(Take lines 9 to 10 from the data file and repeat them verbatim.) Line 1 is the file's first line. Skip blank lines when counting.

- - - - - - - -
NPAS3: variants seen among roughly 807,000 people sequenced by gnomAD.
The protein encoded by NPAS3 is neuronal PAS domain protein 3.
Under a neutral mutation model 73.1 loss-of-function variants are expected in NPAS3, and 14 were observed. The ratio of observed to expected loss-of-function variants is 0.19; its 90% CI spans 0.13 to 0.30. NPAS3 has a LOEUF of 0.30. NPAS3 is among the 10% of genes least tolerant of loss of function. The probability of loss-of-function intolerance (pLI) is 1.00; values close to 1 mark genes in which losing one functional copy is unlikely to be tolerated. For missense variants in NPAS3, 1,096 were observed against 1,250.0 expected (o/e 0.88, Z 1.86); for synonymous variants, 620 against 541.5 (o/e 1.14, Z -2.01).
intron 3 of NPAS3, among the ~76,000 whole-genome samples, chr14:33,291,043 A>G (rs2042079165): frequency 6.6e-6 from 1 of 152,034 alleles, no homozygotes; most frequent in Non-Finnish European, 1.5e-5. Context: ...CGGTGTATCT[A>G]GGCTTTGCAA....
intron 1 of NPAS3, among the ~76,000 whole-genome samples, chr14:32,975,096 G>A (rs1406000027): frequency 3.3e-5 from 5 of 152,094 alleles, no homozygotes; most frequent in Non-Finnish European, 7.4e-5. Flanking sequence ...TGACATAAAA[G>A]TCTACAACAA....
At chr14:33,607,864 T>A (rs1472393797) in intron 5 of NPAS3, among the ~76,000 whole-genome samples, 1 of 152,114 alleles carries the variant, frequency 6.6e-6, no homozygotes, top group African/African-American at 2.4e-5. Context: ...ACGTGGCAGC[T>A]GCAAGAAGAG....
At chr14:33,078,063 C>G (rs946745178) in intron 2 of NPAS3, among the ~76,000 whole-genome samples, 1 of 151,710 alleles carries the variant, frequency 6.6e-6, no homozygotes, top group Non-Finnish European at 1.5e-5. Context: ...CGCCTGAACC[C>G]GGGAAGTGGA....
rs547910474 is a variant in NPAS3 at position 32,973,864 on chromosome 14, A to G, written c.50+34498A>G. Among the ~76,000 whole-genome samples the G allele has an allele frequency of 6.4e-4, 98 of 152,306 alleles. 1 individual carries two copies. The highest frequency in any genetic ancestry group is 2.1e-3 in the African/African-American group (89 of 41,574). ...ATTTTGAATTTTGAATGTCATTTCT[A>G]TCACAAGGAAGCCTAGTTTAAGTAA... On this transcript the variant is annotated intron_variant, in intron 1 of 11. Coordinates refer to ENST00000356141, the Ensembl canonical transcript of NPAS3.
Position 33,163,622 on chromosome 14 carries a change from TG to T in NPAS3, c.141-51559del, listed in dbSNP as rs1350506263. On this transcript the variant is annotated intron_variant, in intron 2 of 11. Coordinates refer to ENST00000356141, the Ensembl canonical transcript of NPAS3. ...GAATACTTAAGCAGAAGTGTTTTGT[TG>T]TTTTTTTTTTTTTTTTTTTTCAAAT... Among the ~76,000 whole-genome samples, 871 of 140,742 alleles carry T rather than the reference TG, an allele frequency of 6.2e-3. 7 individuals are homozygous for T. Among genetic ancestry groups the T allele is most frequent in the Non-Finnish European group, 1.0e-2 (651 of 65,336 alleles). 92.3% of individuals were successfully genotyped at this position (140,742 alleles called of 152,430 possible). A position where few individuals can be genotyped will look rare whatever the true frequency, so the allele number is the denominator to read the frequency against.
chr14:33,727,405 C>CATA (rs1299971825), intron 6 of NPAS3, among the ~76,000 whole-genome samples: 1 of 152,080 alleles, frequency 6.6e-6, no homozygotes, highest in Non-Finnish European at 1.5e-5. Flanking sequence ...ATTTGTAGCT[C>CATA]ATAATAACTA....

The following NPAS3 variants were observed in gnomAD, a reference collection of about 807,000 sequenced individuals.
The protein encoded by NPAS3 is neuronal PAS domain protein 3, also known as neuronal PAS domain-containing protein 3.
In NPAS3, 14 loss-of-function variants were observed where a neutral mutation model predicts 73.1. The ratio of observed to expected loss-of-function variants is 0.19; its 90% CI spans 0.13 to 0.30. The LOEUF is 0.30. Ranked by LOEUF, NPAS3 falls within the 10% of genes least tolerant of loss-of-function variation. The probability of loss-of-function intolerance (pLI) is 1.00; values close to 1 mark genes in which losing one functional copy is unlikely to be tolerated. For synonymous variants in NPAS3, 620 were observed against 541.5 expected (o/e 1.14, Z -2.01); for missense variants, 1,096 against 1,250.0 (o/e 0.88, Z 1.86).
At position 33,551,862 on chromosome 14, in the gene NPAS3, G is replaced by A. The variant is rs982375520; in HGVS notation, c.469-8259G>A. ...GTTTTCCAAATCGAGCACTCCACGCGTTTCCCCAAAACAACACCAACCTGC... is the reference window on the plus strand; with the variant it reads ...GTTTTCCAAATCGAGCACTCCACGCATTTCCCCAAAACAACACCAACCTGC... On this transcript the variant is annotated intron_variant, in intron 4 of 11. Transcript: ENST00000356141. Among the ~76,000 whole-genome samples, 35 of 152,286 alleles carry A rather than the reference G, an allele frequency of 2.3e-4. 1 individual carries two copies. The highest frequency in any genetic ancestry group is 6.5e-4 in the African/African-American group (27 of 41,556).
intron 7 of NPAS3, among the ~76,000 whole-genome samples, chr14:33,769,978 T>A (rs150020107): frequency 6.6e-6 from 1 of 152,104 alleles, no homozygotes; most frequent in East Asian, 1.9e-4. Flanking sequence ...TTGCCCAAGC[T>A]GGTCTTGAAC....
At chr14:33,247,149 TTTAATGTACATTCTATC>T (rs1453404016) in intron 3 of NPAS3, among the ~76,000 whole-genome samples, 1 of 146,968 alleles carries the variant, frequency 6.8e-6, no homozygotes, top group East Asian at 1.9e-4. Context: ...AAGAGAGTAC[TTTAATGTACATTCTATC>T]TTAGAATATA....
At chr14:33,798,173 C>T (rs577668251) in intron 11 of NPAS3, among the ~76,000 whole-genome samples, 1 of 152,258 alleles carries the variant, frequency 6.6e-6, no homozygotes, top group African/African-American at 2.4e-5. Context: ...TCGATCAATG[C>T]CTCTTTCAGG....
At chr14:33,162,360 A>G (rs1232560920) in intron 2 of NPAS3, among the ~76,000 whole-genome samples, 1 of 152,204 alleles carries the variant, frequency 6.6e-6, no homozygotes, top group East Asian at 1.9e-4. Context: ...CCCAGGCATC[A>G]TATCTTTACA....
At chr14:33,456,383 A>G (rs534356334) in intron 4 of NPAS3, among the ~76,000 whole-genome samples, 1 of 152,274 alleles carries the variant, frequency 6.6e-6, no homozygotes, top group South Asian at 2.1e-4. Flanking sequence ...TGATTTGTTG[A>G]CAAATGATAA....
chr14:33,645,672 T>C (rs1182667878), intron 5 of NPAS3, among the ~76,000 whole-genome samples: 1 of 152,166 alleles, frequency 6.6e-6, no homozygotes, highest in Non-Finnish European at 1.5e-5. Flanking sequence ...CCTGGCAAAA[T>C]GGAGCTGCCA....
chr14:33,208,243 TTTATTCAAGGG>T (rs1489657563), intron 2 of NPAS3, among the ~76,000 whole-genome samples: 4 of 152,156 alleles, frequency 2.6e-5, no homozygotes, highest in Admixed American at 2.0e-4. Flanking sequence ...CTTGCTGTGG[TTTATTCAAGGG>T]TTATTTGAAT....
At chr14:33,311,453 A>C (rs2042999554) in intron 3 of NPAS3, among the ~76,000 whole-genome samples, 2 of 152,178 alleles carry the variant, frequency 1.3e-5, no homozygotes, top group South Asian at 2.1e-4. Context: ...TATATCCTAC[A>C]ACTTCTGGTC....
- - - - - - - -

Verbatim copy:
Position 33,163,622 on chromosome 14 carries a change from TG to T in NPAS3, c.141-51559del, listed in dbSNP as rs1350506263. On this transcript the variant is annotated intron_variant, in intron 2 of 11. Coordinates refer to ENST00000356141, the Ensembl canonical transcript of NPAS3. ...GAATACTTAAGCAGAAGTGTTTTGT[TG>T]TTTTTTTTTTTTTTTTTTTTCAAAT... Among the ~76,000 whole-genome samples, 871 of 140,742 alleles carry T rather than the reference TG, an allele frequency of 6.2e-3. 7 individuals are homozygous for T. Among genetic ancestry groups the T allele is most frequent in the Non-Finnish European group, 1.0e-2 (651 of 65,336 alleles). 92.3% of individuals were successfully genotyped at this position (140,742 alleles called of 152,430 possible). A position where few individuals can be genotyped will look rare whatever the true frequency, so the allele number is the denominator to read the frequency against.
chr14:33,727,405 C>CATA (rs1299971825), intron 6 of NPAS3, among the ~76,000 whole-genome samples: 1 of 152,080 alleles, frequency 6.6e-6, no homozygotes, highest in Non-Finnish European at 1.5e-5. Flanking sequence ...ATTTGTAGCT[C>CATA]ATAATAACTA....